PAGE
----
A common but not well-known cause in anal fissure developmentand treatment failure: Isotretinoin treatment for acne vulgaris


Medicine Science, vol.9, no.4, pp.970-977, 2020 (Peer-Reviewed Journal) identifier

  • Publication Type: Article / Article
  • Volume: 9 Issue: 4
  • Publication Date: 2020
  • Doi Number: 10.5455/medscience.2020.07.141
  • Journal Name: Medicine Science
  • Journal Indexes: TR DİZİN (ULAKBİM)
  • Page Numbers: pp.970-977
  • Istanbul Medipol University Affiliated: Yes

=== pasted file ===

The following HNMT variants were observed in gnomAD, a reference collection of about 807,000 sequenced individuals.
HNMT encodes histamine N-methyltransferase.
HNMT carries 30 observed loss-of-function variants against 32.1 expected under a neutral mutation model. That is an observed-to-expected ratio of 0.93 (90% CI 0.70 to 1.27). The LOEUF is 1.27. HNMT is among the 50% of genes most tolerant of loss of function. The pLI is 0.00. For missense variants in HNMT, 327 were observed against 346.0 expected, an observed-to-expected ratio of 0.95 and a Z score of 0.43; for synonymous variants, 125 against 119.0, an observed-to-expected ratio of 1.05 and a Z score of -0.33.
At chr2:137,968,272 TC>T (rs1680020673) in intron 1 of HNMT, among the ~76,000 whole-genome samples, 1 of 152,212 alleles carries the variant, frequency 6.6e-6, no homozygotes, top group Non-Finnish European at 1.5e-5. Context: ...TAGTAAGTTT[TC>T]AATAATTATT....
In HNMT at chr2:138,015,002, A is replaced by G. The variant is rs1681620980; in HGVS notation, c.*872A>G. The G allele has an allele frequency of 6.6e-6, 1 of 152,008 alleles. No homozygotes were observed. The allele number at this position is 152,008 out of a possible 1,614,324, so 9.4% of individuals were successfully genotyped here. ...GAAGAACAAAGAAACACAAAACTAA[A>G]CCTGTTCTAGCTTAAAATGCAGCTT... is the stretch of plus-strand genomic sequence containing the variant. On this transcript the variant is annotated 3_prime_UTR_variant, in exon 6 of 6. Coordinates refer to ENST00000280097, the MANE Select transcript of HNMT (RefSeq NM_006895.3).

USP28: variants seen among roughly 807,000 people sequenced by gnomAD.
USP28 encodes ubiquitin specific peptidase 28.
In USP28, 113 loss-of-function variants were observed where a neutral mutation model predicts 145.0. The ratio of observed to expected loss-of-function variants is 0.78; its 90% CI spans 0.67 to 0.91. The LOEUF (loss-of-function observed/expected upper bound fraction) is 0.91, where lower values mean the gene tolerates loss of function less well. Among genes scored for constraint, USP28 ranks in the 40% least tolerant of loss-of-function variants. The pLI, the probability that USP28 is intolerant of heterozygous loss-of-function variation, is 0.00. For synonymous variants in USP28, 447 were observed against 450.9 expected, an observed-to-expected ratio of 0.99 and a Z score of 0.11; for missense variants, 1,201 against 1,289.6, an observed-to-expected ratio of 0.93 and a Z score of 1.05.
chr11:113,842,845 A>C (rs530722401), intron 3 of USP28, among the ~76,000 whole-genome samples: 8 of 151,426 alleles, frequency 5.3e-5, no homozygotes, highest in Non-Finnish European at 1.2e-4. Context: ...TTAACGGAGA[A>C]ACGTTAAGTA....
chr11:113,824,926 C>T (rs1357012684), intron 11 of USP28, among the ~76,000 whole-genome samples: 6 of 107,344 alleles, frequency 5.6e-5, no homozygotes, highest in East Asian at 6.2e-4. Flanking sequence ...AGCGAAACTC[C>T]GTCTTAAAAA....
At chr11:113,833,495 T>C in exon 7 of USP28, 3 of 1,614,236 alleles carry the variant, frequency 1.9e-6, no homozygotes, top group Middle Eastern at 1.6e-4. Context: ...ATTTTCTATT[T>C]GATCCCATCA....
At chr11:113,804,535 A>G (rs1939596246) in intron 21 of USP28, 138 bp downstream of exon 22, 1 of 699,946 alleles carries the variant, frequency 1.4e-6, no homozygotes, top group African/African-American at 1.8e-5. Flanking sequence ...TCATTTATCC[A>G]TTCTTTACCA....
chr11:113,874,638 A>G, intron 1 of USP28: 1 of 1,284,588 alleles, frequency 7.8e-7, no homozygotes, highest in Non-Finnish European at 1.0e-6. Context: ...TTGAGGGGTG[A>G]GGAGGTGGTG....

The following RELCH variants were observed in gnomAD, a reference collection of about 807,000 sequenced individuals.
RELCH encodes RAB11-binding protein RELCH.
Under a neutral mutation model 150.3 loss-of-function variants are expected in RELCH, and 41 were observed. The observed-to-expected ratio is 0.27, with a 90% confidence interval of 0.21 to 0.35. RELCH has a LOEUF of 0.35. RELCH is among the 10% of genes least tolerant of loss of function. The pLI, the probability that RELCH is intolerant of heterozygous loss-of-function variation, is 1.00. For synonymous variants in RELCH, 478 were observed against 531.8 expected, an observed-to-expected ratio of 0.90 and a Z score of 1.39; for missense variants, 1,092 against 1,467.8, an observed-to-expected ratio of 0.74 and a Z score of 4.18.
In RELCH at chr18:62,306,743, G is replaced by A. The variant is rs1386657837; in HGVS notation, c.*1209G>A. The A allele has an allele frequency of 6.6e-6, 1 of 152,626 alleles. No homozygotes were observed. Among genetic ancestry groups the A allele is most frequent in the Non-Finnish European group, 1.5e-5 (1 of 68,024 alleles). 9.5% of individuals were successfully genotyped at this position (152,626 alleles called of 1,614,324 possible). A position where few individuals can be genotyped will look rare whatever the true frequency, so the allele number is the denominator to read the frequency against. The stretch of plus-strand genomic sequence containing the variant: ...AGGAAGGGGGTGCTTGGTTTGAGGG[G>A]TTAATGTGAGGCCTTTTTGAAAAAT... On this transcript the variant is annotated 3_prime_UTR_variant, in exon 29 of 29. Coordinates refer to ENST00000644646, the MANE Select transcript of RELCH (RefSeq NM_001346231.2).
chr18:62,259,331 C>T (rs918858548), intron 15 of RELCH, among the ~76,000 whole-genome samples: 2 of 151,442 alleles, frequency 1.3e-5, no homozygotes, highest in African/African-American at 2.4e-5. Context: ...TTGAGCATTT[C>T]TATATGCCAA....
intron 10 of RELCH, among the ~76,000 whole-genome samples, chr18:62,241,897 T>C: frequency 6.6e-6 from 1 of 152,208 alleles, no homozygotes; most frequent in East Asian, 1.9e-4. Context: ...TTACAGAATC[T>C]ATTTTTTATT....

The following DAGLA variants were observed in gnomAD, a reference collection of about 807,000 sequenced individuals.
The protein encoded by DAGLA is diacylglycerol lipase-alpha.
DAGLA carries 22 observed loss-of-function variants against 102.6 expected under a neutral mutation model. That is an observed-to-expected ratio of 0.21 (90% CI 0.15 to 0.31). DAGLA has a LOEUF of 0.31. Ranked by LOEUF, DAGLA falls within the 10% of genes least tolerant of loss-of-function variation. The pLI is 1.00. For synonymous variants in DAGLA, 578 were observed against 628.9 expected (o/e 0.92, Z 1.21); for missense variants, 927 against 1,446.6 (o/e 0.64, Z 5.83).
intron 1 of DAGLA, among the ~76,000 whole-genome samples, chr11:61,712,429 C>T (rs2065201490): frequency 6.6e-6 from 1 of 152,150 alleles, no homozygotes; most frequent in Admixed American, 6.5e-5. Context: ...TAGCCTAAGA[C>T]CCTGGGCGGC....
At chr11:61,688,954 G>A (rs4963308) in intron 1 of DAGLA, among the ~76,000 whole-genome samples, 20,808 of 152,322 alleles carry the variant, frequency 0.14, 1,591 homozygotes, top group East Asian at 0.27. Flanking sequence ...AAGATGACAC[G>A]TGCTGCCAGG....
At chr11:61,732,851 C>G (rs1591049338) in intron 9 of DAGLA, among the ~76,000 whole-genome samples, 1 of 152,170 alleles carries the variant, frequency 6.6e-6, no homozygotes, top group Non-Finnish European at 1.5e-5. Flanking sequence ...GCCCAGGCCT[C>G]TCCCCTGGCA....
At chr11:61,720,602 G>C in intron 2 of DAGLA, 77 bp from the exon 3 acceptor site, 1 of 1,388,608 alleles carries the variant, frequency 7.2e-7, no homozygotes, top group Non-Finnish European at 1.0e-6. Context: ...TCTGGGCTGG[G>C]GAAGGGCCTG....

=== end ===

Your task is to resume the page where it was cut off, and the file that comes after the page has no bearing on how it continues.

To investigate the underrecognized effects of isotretinoin as a cause of anal fissures (AF) and compare AF patients undergoing systemic isotretinoin treatment (SIT) and those not receiving this treatment. This study was conducted with 118 patients with newly diagnosed AF, 54 undergoing SIT (Group 1) and 64 not undergoing SIT (Group 2). The same clinical treatment modalities including first-line conservative and medical treatments during the first eight weeks, followed by interventional methods (botulinum injection or sphincterotomy) for unresponsive/recurrent cases were used for all patients. A comparative analysis was also performed. Age and body mass index (BMI) were statistically low in group 1 (p=0.003; p=0.032). Similarly, the VAS pain and Wexner constipation scores and the duration of symptoms were lower in group 1 than Group 2 (p=0.003, p<0.001, and p<0.001, respectively). Atypical fissure localization was clearly associated with group 1 (p=0.012), and although SIT did not increase the surgery rate, atypical fissures and longer symptom duration constituted the most important factors determining requirement of surgical. SIT, a very successful treatment for nodulocystic acne disease, can facilitate AF development in younger individuals with a low BMI even without significant constipation.